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The perfect housemate is an urban legend dreamt up by unhappy house-sharers. The best we can hope for is to find someone that knows how to tear cling film correctly and doesnt leave one square of toilet paper on the roll without getting out a new one. Whether youre a student in halls or perhaps moving in with your partner, shared accommodation is not always easy. No matter how well you know your housemate, you could be best friends or you might have had one interview before moving in, there will be plenty of hurdles to jump before things start to run smoothly. Here are a few tips for getting by.
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1. Have your own space
If tensions are high throughout the house or you just don’t think you can bear to watch another episode of Made in Chelsea because your housemate got to the remote first, its important to have a place that is entirely your own. Whether you want to read a book, listen to music or phone a friend to complain about fake reality TV shows, stepping away from the drama can help you gain some perspective and calm down.
2. Find common ground
Even if there are 101 things you don’t like about your housemate, odds are that theres at least one thing you have in common. Try to make the best of a bad situation, especially if the alternative is spending the duration of your contract hiding away and sneaking out to use the kitchen when you’re sure they’re gone.
3. Pull your weight and encourage others to do the same
Take pride in where you live. It doesn’t have to impress Kim and Aggie but keeping a tidy house is always a good rule. If your housemates arent doing their share, say something.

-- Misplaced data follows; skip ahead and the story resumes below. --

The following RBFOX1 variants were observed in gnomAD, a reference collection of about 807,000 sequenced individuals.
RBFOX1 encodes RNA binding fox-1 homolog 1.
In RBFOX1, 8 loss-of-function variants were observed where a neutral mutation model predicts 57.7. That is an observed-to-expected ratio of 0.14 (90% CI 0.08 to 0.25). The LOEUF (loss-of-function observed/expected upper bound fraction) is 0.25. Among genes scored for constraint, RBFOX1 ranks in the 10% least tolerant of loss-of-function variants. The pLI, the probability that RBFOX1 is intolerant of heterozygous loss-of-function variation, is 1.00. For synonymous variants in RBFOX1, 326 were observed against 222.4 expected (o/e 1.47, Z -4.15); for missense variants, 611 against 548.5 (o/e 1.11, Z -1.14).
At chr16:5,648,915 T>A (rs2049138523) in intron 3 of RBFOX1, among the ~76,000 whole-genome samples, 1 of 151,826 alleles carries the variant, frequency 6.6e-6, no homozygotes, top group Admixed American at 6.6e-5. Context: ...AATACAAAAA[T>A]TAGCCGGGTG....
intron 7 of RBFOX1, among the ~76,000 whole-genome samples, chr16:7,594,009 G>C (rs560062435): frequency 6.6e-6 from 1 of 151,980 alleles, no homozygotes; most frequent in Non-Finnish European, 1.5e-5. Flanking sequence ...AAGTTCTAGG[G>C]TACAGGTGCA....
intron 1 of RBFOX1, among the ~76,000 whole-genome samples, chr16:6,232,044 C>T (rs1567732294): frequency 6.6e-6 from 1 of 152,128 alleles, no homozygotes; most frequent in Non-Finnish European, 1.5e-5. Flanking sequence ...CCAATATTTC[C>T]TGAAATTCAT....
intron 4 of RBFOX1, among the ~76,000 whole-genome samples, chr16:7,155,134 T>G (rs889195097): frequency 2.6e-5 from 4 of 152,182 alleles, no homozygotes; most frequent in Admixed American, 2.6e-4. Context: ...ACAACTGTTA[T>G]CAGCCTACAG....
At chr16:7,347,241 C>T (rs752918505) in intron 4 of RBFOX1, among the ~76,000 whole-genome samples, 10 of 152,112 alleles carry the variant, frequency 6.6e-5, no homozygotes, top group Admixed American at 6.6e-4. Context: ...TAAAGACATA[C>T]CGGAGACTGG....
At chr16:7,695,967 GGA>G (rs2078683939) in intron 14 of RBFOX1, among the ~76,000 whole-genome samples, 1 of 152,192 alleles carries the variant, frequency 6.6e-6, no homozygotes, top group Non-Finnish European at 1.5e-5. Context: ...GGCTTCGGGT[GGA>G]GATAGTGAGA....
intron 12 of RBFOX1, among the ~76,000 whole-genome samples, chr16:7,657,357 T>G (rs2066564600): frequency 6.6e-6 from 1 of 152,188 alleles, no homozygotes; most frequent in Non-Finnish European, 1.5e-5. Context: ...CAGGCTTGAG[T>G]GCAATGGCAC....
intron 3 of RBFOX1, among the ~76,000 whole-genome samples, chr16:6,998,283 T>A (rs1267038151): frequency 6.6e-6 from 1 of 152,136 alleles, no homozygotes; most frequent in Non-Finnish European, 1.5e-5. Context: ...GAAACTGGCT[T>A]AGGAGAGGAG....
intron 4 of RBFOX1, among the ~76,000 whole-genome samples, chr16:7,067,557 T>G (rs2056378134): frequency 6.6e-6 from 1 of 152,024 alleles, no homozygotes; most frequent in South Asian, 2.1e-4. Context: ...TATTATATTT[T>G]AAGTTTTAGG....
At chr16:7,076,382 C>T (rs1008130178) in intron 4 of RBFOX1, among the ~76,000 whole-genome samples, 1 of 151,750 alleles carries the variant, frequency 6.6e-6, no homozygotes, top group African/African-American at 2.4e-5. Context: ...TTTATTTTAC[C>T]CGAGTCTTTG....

It might be that you all have jobs to go to or classes to attend but if you have a problem find the time to discuss it in person. Leaving notes on the fridge or a message on Facebook can lead to misunderstandings and fallings out.
5. Recognise your own faults
Yes, thats right, you probably have annoying habits too! Next time you get fed up because the cap wasnt tightened on the milk remember that someone else could be sick of you leaving your shoes by the front door. If you open up a dialogue and express your concerns you might be surprised by what you learn about yourself.
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If you are going or have been to university you’ll likely have heard that the best friends you make will be the people you live with in halls. Of course, that is never going to be the case for everyone, particularly if your halls is made up of ten people sharing one kitchen. That said, there are plenty of other places to meet new people so if youre on your last nerve at home have a night out with friends from work or join a local club. Not only will it get you out of the house itll keep you sane and remind you that not all humans are hard to handle.
By Jess Lawrence